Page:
The Stories We Inherit: An Interview with Crystal Hana Kim
Crystal Hana Kim’s debut novel, If You Leave Me, is a multi-perspectival saga told from five perspectives and spanning sixteen years from 1951-1967. The novel centers around sixteen-year-old Haemi Lee as she navigates adolescence, marriage, and motherhood through the Korean War and its aftermath. If You Leave Me was a Booklist Editor’s Choice title and named a best book of 2018 by more than ten publications, including The Washington Post, Literary Hub, Nylon, and Bustle. Kim has also written essays for Poets & Writers, The Paris Review, and Guernica, among others.
She was a 2021 Jerome Hill Artist Finalist, the 2017 PEN America Dau Short Story Prize winner, and the recipient of scholarships from Bread Loaf Writers’ Conference, Sewanee Writers’ Conference, Jentel, and Hedgebrook.
Born and raised in New York, Kim teaches at Columbia University and Randolph College’s MFA program and was a visiting faculty member during the June 2021 Antioch MFA residency, where she gave an illuminating talk on the importance of revision.
When I spoke to Kim, we discussed the origins of her debut novel, If You Leave Me, the history of storytelling in her family, and the need for layered stories that reflect the complexity of the human experience through language that engages the audience on its own terms.
Pallavi Dhawan: What inspired you to write about this particular time period?
Crystal Hana Kim: I knew I wanted to write about the Korean War, which is why I started in 1951, but I was mostly interested in the aftermath. When we think about how we learned about war in our history textbooks, it’s always delineated as a discrete period of time. The Korean War lasted from 1950 to 1953, but the effects on the people took time to manifest, especially when we’re thinking about intergenerational trauma. This is to say, I knew the bulk of my novel would take place after the war so I could explore how these characters were shaped by their experiences during the war, and how it shaped their interactions with others.
PD: Did you know from an early age that you wanted to write?
CHK: Yes, I did. I was born in New York, but Korean was my first language. I distinctly remember learning English in school and kind of toggling between the two in my head. When I knew a word in one language and not the other, I would have to describe it using other words in order to try to ask someone, what is this called? Those kinds of language acrobatics at a young age really intrigued me. I also learned the power of language pretty early on. In second grade, I really wanted to get my ears pierced and my parents would not let me. So I wrote a book about a little girl who had really nice, understanding, kind parents who let their daughter get her ears pierced, and I gifted this book to my parents. I think I was trying to influence them through my book. They thought it was so funny I went to those lengths that they did let me get my ears pierced. It worked. That was a critical moment of my youth when I realized the power of writing.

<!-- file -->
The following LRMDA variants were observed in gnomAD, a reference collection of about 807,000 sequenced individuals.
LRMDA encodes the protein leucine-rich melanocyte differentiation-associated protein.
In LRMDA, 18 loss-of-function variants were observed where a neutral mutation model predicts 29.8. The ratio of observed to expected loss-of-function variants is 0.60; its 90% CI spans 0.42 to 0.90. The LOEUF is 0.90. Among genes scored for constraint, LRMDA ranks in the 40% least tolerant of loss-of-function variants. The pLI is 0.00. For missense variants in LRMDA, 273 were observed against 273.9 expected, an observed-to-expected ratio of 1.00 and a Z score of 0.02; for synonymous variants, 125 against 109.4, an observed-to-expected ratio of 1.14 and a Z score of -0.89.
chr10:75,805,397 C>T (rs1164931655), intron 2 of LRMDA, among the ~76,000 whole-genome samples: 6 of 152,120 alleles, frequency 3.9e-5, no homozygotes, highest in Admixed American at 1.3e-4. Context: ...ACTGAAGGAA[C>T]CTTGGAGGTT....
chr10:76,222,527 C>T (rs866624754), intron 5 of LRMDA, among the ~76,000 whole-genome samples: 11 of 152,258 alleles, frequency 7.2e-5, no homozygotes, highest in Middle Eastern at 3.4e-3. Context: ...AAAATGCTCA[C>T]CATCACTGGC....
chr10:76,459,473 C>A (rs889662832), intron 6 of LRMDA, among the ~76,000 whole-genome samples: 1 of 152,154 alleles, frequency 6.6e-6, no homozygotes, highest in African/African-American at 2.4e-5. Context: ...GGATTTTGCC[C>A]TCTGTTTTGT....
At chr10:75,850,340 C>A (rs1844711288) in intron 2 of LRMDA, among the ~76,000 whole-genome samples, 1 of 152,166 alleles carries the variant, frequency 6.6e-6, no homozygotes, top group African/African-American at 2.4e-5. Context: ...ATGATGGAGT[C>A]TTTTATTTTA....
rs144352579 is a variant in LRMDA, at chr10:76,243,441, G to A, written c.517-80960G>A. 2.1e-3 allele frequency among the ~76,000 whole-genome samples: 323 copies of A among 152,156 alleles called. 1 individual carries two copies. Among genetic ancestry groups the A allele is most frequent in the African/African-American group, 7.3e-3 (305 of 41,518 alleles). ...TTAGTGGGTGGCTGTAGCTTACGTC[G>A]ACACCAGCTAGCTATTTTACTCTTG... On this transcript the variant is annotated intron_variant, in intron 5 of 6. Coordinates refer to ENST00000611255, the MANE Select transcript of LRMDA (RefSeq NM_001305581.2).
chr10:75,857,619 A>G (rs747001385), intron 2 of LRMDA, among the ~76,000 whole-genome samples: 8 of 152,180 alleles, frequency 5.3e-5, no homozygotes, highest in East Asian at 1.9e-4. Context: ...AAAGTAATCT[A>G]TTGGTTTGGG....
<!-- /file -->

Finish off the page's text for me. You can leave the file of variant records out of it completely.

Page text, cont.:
PD: You bring up an interesting point about translation because you were doing that at an early age and then you later translated your grandmother’s poems. Was that exercise in translating your grandmother’s poems a formal process that was different from the practical toggling that you did as a child when you were translating?
CHK: Yes. It was really my first attempt at literary translation, and it made me realize the depth of the creative language that I don’t have access to or is not as familiar to me because I am fluent in Korean, but it’s very conversational. For example, I speak to my grandmother in Korean, but it’s usually pretty casual. We talk about daily activities. To receive her poem and to realize that I don’t fully understand what she’s saying here, that I need to bring out my Korean-English dictionary and really put work into it, made me appreciate my grandmother, her artistic abilities, and the Korean language even more. It deepened my appreciation for the act of literary translation.
PD: Does she write now?
CHK: She started writing only, I would say, less than five years ago. That’s when she took a senior center poetry class, and she’s still writing.
PD: Is your mother writing as well?
CHK: Yes. My mom has been writing poetry for years now, and it’s something that she also discovered later in her life, maybe in her forties or fifties. My grandmother writes poetry too, so it’s kind of this beautiful lineage that we have. Even though it worked backwards, where I was writing and then my mother, and then my grandmother. It’s a beautiful connection.
PD: I love that. Were they storytellers?
CHK: Oh yeah. My grandmother is our greatest storyteller. She actually flew to America for a couple of years when I was young to take care of me, and we’ve been very close since. I would visit her every summer, and she would tell me a lot of stories. I think the oral tradition was her first mode of writing. It didn’t occur to her to write in a formal way, but she was always journaling. She had a lot of notes that she took for herself, but taking that senior citizen poetry class made her realize, Oh, I can write poetry and I can share it with others. I love that she was able to have that opportunity.
PD: I find that so interesting that there’s that lineage, as you said, and that it’s the women in the family. And I think about Haemi, a mother figure and main character in If You Leave Me. We all are products of our parents, but I think especially our mothers. How did Haemi first appear to you?
CHK: I found Haemi in a roundabout way. In undergraduate school, when I took a workshop for the first time, I started writing about these four daughters in Korea and their relationships with one another. Writing about these sisters made me curious about the mother, who was the Haemi character. I worked backwards, and I started writing about the mother in graduate school. I started with Haemi as a teenager because I was trying to figure out: How did she become the mother that she is?
PD: Was it fun writing her?
CHK: Oh, so fun. I got to know Haemi so well, because I was thinking about her and her children for years, all throughout college, my post-graduate years, and then in graduate school. It was really fun to get into her mindset, even when the book felt dark. Even when I was writing about difficult moments, I still enjoyed the process because I felt so close to Haemi.
PD: When I read about female characters or analyses or critiques of characters, there seems to be, I hope this is changing, but a tendency to label them as unlikable if they make choices that don’t conform to societal expectations. And I love those women characters.